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31 May Roth IRA vs. Traditional IRA

Posted at 17:52h in retirement by Clara Moses 0 Comments

One pitfall of most investment accounts is that you must pay taxes any time you sell investments for a gain, or you receive dividend payments. Individual retirement accounts, or IRAs for short, are great options for those looking to defer taxes. They are primarily designed to help people without 401(k)s save for retirement, but they can also help you save on taxes. 
There are two types: traditional IRAs and Roth IRAs. Both provide tax-free investment growth, which leaves you with more of your money to compound over the years until you need it. But how do you decide which of the two types is best for you? While they are similarly useful in a lot of ways, there are also a few notable differences, which are outlined below.


Traditional IRA

Having a traditional IRA allows you to contribute money to your account that has not yet been taxed (pre-tax income). These contributions are often fully tax-deductible on both state and federal tax returns for the year you make them, depending on your income and whether you (or your spouse, if you’re married) are covered by an employer-sponsored retirement plan, such as a 401(k). But generally, traditional IRAs reduce your taxable income for the year. In return, your adjusted gross income (AGI) lowers. This might help you qualify for further tax incentives, such as the child tax credit or the student loan interest deduction.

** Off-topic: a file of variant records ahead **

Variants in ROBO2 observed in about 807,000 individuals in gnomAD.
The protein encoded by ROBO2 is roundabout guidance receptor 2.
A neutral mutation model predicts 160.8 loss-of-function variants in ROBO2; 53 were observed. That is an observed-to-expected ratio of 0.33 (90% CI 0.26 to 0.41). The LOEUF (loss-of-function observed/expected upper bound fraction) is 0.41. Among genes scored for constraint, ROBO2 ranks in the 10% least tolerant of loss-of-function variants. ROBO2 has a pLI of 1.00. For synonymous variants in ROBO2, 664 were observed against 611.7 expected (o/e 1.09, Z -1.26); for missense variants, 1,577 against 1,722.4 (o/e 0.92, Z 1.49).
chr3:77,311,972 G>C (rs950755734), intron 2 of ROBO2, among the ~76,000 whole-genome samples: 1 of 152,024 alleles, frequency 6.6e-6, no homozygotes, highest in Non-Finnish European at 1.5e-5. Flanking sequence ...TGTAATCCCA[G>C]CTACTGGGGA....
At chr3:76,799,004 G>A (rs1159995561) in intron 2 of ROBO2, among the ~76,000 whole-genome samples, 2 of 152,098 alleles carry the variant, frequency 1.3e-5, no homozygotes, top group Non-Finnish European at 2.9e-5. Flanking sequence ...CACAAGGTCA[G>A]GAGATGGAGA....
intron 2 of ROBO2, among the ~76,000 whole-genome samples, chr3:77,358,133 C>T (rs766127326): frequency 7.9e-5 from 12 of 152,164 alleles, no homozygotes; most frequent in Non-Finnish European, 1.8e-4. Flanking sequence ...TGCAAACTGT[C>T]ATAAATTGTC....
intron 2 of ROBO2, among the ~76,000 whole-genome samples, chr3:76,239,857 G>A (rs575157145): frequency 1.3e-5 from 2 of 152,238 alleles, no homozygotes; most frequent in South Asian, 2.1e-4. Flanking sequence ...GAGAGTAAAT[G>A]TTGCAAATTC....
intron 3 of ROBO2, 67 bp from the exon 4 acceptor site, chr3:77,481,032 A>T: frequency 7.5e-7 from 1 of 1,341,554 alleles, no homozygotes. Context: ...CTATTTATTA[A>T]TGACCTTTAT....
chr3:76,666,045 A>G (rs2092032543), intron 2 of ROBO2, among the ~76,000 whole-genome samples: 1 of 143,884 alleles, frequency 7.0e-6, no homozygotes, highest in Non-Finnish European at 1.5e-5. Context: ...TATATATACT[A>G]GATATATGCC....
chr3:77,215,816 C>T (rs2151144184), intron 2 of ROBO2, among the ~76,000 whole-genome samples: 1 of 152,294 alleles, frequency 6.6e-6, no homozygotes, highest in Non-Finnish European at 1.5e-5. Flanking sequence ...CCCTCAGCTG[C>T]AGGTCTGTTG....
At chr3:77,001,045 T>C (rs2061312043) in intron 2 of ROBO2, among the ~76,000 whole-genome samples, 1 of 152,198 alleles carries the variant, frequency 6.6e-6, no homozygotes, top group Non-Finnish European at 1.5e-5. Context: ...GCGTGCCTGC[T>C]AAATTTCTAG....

Now, you do have to pay the taxman eventually. With traditional IRAs, your taxes are taken out of your distributions in retirement. The amount taken is determined by your income tax rate. Also, in return for these considerable tax breaks, traditional IRAs restrict and dictate your access to your funds, which will be discussed in further detail shortly.

Roth IRA

Conversely, Roth IRAs allow you to contribute funds on which you’ve already paid income taxes (post-tax income). Therefore, you receive no immediate tax savings. But once you retire, your withdrawals are tax-free. Essentially, since you paid your tax bill upfront, you can sail smoothly through retirement with one less thing to worry about. Plus, these accounts have fewer restrictions than traditional IRAs.

Early Withdrawals

Traditional IRA

If you withdraw money from your traditional IRA before age 59½, you’ll have to pay the income taxes on it and will likely be required to pay the IRS a 10% early withdrawal penalty. You must pay the taxes, but you can avoid the penalty in some specialized circumstances, such as when you use the money to pay for:

  • Qualified first-time homebuyer expenses (up to $10,000)
  • Qualified higher education expenses
  • Permanent disabilities